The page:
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Lecture 9

Lecture 9.pdf

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University of Toronto St. George
Brent Berry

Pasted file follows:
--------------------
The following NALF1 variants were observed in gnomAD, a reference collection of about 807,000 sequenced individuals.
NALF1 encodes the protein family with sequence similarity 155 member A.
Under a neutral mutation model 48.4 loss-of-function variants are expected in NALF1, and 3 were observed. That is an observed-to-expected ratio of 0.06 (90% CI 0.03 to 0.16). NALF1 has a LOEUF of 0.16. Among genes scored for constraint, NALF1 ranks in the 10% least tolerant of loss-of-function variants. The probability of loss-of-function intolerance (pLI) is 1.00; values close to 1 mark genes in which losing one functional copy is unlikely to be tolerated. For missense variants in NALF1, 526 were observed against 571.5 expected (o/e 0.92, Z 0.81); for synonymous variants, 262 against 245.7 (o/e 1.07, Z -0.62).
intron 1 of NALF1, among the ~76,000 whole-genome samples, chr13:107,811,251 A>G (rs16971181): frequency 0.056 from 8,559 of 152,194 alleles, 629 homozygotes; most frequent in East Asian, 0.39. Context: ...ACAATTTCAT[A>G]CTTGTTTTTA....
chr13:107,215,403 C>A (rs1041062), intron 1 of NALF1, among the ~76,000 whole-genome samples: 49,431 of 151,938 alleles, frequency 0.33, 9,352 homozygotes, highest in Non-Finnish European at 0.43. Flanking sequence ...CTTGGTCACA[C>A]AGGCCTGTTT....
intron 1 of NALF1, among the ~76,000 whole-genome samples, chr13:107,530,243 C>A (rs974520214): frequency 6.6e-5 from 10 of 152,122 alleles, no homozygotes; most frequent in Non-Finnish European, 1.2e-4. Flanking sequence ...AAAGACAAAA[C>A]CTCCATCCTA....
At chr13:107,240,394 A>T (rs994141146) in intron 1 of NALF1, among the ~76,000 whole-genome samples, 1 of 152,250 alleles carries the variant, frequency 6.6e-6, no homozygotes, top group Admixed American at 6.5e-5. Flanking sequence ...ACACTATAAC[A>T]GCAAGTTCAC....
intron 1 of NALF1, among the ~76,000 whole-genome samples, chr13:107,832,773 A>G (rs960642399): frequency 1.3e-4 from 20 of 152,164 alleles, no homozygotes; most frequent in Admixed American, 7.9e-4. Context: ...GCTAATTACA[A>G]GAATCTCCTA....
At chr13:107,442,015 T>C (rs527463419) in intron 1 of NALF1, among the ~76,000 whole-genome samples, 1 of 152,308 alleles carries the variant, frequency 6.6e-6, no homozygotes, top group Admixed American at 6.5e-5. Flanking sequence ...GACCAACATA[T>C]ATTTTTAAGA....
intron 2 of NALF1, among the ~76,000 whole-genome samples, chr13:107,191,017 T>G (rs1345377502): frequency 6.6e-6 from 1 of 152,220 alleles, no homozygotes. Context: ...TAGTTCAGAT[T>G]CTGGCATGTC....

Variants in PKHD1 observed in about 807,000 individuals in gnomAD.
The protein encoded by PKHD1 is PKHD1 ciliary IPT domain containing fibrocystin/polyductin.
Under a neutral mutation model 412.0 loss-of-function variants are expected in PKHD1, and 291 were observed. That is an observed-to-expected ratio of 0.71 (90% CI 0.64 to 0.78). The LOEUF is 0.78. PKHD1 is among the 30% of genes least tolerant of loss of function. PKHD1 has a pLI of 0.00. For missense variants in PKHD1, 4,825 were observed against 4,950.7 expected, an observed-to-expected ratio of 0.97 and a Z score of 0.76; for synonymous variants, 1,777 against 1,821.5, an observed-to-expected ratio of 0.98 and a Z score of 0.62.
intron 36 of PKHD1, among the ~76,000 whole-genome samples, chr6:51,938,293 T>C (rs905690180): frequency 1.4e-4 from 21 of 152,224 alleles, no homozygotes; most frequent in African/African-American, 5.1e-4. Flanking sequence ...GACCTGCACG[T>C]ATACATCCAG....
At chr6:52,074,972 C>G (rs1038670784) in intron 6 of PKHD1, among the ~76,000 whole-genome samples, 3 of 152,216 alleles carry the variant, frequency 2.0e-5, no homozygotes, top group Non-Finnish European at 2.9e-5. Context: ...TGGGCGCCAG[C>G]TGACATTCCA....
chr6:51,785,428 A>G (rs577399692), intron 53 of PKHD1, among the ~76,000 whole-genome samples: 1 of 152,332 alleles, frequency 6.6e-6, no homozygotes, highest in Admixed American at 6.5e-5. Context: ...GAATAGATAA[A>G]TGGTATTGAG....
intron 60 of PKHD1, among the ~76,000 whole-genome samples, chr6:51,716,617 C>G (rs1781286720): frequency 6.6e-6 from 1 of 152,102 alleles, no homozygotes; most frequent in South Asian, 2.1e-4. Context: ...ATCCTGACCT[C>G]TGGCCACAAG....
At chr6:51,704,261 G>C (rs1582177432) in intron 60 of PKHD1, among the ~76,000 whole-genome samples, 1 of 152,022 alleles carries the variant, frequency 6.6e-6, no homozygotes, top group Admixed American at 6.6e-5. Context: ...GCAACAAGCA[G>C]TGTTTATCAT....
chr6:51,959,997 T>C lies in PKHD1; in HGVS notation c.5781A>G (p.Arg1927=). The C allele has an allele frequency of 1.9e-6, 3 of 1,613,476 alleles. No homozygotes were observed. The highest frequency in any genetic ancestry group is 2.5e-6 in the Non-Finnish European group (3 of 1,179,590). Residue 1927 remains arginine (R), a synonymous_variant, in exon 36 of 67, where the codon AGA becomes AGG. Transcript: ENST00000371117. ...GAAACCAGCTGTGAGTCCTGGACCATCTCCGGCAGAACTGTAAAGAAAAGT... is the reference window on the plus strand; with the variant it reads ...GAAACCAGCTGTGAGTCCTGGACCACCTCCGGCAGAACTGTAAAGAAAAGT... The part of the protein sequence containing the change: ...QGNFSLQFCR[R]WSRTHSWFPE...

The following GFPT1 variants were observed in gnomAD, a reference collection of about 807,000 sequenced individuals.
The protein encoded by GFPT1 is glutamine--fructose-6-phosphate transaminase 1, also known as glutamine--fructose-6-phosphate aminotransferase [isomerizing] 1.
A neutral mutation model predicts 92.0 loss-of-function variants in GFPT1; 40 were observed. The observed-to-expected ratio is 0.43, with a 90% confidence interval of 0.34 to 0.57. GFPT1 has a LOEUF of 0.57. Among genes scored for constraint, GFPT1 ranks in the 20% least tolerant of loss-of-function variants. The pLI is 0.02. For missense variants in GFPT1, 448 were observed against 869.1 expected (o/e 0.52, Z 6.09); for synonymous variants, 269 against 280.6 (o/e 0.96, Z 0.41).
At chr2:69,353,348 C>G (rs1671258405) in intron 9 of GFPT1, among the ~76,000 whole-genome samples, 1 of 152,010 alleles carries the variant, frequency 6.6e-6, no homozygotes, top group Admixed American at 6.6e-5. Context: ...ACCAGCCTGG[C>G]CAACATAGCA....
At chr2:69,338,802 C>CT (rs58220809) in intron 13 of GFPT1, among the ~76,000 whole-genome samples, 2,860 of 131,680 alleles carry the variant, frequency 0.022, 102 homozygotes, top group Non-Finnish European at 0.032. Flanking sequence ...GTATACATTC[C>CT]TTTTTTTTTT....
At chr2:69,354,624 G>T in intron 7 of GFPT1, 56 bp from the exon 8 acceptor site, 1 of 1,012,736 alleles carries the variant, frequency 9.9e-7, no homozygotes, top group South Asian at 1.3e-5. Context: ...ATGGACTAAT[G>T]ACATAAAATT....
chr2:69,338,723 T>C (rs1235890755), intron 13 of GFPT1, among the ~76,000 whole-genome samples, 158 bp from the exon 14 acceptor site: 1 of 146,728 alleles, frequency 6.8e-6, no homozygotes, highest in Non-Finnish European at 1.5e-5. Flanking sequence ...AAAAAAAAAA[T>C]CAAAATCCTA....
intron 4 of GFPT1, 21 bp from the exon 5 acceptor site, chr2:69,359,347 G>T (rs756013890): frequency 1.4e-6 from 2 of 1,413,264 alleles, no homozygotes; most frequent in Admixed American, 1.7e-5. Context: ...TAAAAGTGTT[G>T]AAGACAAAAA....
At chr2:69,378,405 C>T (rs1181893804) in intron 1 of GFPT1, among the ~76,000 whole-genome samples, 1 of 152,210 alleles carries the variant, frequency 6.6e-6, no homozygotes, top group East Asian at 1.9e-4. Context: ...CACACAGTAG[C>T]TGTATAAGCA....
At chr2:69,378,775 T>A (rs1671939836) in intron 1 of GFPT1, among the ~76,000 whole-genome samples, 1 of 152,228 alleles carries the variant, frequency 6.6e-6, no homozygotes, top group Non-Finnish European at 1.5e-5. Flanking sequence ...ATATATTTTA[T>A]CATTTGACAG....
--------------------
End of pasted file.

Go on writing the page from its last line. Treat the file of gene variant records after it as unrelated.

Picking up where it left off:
Lecture 9: the health of urban immigrants and ethnic minorities Immigration and urban health  Most immigrants today settle in cities, especially the largest cities  Cities with large influxes of immigrants are becoming increasingly different from other cities in Canada(in growth rate, in diversity)  High levels of immigration is contributing to voluntary and involuntary forms of o Residential segregation o Ethnic enclaves  A physical space with high ethnic concentration; thus these spaces are culturally distinct from the lager receiving society  Can provide resources, networks and social capital that influence economic mobility History of immigration into Canada  1900-1940: immigrants mostly from British Isles and northwestern European countries; settle mostly on the Prairies or the West  1940-1950s: over 1.2 million immigrants entering, mostly from Italy, Greece  1960-present: over 2.2 million entering, mostly from non-European countries, Middles East, Africa, Asia and Pacific regions, mostly settle in cities(especially in large cities)  By 2006, over 30% of residents in 10 largest Canadian cities are foreign-born, even higher in Toronto Countries of origin  Number of immigrants from Europe has decreased  Asia has increased  U.S. has also increased Immigration patterns Canada 1. China 2. India 3. Philippines 4. Pakistan 5. US 6. South Korea  Ontario; 52.3  Quebec; 17.5  Alberta; 9.3  Manitoba; 2.8  Btw 01-06, 68.9% ended up in Toronto, Vancouver, Montreal Immigration patterns Toronto  2.3 million foreign-born people in Toronto in 2006  45. 7% of the CMA’s  40% new immigrants settled in Toronto region  Top two source countries for recent immigrant to Toronto were Asian Health and immigration  Acculturation to host country and post-migration stressors  Pre-migration stressors and country of origin  Ethnicity and culture  Availability of psychological and social resources Two theories of immigration and health 1. The marginal man  Stress of migration and the alienation from the dominant culture due to both discrimination and cultural and linguistic difference decrease health o Multiple barriers and stressors of post-immigration  Immigrants’ health worse than native, but overtime, can become better  Association btw immigration and health o Process of acculturation and time in the host country-> improvement of the immigrant’s mental health 2. The healthy immigrant effect  Argues that recent migrants have better health than both the native-born pop and long-term migrants  Association btw immigration and health o With increasing time of stay in the host country immigrants’ health status diminishes to a level somewhat comparable or worse than native-born populations  Why o Adopt unhealthy behaviors o Self-selection of healthier, wealthier immigrants  Previous evidence o Ali found that migrants, with the exception of those who had stayed in the country for a period of time exceeding 30 years, have lower rates of depression and alcohol abuse than native-born  Both marginal man and healthy immigrant perspectives posit that the mental health of immigrants will converge to that of no difference with the native population Support to Date for ‘Healthy Immigrant Effect’  Due to a two sided self-selection process (Schiffaur 1991) 1. The chronically ill and disabled are less likely to migrate; 2. Migrants are thought to be particularly courageous, innovative and socially skilled individuals who choose to leave the life they knew behind and venture to a new and foreign land.  immigration policy can also indirectly encourage positive mental health selection o Point system in Canada increases entry of immigrants who are well-educated, employed, parents, and married, thus indirectly affecting the mental health profile of the immigrant population. Montazer and Wheaton (2011)  Research topic o The authors examine the mental health trajectory of children of immigrants  Research question o To what extent does country of origin (GNP) conditionally influence the mental health of immigrants over time? o Fit between GNP of origin and host country  Contribution and argument o Focus on multiple generations (rather than combining) o Go beyond generational differences o A conditional model of adaptation  The adjustment process will be modified by the origin/ destination similarity of the level of GNP per capita at the time of immigration.  Effect of generation on mental health is conditional on level of economic development of country of origin of parents  Those from lowest GNP countries worse off Economic development of country of origin Gross Domestic Product (GNP)  Average income (including production abroad) of a country’s citizens)  A broad signal of fundamental differences, not only in standards of living, but also in employment and educational opportunities  Indicator of socioeconomic development Main Predictions of Montazer and Wheaton (2011) Two predictions… 1. The health of immigrants will slowly deteriorate across generations  But only for those from the most contrasting countries of origin (i.e., lowest GNP) 2. Immigrants from countries with a similar GNP to the host country will have comparable health to the
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